As women continue struggling to make their voices heard in situations of violence, we examine the latest court defence trend which sees their private sexual narratives used against them – even when they can’t defend themselves.
In little-understood and alarming ways, sexual violence against women is still on the rise. Just this month, 21-year-old Grace Millane was murdered by a man she met on Tinder while backpacking in New Zealand – strangled to death during sex with him at his house. However, as disturbing as the case itself, the high-profile trial that followed has revealed a frightening new trend. One that sees women’s personal sexual histories used against them in court.
The ‘rough sex’ defence, which shows no signs of slowing down with almost half of all UK cases proving successful in the past five years, leaves a very clear message: if you die as a young woman away from your home, your sex life has the potential to overshadow your whole life.
Even though a guilty verdict was delivered by the jury in Millane’s case (she is now the 59th woman to be killed in a case that used the ‘rough sex’ defence in court), the trial itself has received a staggering amount of backlash for the way it presented her sexual history as evidence against her. Her use of fetish dating apps such as Whiplr and previous participation in BDSM was used to prove that she enjoyed certain types of sexual practices, and one of her ex-boyfriends was even called to attest that she enjoyed being choked for sexual gratification.
Now, I understand the requirement to cover all bases in these situations, but there needs to be a line between looking into someone’s background for more insight into a case and explicitly using it to shirk blame onto them when they have absolutely no way of standing up for themselves – especially in these sensitive circumstances. In my opinion Millane’s situation says a lot about a much wider-reaching problem within sex today. The case proves that it’s still considered taboo for women to enjoy more ‘unconventional’ sexual practices whilst it remains the ‘norm’ for men to associate violence and dominance with sex (this can be seen very obviously in the different porn marketed at women and men). This is a slippery slope to the kind of prevailing and undeniable sexism – almost sadism – we see in the rough sex defence, which can be exploited by people who aren’t just sexists, but murderers.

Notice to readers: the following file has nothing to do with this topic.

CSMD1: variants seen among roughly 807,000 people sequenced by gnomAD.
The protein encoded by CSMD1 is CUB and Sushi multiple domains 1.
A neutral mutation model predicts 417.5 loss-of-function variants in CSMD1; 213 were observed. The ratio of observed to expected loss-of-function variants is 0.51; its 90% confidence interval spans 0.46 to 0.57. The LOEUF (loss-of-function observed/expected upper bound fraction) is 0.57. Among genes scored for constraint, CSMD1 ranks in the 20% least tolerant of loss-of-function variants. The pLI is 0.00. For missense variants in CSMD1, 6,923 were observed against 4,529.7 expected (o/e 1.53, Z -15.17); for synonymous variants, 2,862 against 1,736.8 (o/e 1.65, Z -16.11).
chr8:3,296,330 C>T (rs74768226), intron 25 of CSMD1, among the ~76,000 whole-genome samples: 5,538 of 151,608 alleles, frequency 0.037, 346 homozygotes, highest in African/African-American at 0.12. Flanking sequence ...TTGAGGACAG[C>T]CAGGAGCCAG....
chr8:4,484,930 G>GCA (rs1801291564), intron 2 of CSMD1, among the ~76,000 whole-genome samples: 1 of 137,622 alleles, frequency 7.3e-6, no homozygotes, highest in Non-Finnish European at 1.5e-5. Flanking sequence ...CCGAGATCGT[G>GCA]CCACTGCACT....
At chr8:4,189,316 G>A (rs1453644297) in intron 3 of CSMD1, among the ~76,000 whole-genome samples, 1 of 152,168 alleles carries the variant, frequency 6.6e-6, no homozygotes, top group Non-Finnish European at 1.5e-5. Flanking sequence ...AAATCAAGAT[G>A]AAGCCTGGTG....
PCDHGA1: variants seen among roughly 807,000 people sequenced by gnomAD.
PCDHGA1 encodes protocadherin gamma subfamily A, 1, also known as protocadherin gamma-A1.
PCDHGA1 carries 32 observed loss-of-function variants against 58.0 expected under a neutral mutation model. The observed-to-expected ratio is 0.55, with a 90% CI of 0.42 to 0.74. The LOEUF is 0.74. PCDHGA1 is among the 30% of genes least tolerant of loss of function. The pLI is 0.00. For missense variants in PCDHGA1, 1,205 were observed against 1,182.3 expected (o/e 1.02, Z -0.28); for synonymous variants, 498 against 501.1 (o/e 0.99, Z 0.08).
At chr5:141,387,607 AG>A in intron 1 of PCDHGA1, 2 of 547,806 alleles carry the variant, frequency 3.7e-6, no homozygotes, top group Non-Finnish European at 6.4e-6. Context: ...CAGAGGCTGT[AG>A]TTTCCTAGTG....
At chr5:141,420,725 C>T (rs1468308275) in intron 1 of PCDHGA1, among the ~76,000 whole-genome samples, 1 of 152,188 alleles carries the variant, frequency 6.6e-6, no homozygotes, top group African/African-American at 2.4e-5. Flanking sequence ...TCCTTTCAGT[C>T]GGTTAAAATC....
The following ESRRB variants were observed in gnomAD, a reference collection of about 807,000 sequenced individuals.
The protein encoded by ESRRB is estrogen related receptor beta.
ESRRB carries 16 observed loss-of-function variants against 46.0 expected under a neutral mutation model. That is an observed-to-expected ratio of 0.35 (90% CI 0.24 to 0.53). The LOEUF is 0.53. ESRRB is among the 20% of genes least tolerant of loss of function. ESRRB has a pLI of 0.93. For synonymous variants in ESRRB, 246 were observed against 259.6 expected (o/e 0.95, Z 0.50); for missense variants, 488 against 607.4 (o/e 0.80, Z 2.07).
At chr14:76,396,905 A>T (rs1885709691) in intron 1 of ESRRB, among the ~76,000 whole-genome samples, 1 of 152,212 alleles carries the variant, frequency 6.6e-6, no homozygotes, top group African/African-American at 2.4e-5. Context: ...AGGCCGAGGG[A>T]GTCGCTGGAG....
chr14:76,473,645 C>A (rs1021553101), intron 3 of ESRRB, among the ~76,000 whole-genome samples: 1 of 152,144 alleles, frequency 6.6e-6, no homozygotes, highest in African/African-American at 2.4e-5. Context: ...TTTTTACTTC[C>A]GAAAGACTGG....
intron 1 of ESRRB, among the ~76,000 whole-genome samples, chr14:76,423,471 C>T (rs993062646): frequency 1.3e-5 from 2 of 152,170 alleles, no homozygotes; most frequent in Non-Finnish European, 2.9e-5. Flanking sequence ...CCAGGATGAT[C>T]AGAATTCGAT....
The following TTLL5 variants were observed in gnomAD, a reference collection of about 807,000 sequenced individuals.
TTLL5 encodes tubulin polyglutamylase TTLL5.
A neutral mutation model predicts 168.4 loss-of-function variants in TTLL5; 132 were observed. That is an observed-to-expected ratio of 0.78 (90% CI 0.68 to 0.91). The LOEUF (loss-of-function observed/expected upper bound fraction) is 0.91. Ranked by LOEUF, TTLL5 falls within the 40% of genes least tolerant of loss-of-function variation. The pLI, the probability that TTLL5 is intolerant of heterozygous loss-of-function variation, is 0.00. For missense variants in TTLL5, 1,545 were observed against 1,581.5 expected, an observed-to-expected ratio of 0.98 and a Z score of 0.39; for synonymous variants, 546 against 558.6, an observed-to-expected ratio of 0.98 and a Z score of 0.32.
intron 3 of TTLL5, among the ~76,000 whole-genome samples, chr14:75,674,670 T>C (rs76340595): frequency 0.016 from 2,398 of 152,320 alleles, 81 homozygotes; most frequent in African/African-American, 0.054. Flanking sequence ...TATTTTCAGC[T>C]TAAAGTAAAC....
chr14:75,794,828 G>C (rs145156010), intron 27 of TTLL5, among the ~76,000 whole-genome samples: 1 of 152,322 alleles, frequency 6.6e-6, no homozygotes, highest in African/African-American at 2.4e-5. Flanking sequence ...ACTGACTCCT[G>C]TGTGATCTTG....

Horrified by the emerging ‘rough sex’ defence trend and the 90% increase in its use over the last half-decade, Fiona McKenzie set up We Can’t Consent To This, a campaign group with a mission to have the so-called ’50-shades’ defence thrown out of British courts. Alongside Labour MP Harriet Harman, WCCTT is working to add a clause to the Domestic Abuse Bill that would register it illegal for any man that’s killed a woman to claim she consented to the violence that resulted in her death, because consenting to certain ‘sex games’ is not the same as consenting to be murdered.
The ‘rough sex’ defence is also highly discouraging for victims of sexual abuse who want to come forward, as they worry their sex lives have the potential to be used to shame them (which is already far too common in the current court system as it is).
‘This appears to be a totally traditional male violence against women that seems to be absolutely in-line with wider violence against women,” says McKenzie. “But for some reason in the criminal justice system, and to some extent in the news media as well when it’s reported, it’s believed that the women have said ‘yes, I want to be horribly injured. I want to be hospitalised by my sex life’. Often you’ll find nothing about the person who has died beyond their name and these lurid accusations that she consented to all kinds of sexual activity before she died.’
The complicated intersection of violence and sex is an urgent matter. More and more women are dying due to confusion surrounding how people are having sex in the 21st century. It’s no surprise that rough sex has gained a great deal of popularity lately, especially when you take into account the proliferation of certain types of porn. What’s concerning about the fact that more young people are starting to partake in sexual practices on the kinkier end of the spectrum is that with a lack of openness about said practices, it’s very easy to either take things too far or assume that something’s okay to do when it actually makes the other person uncomfortable and sometimes scared.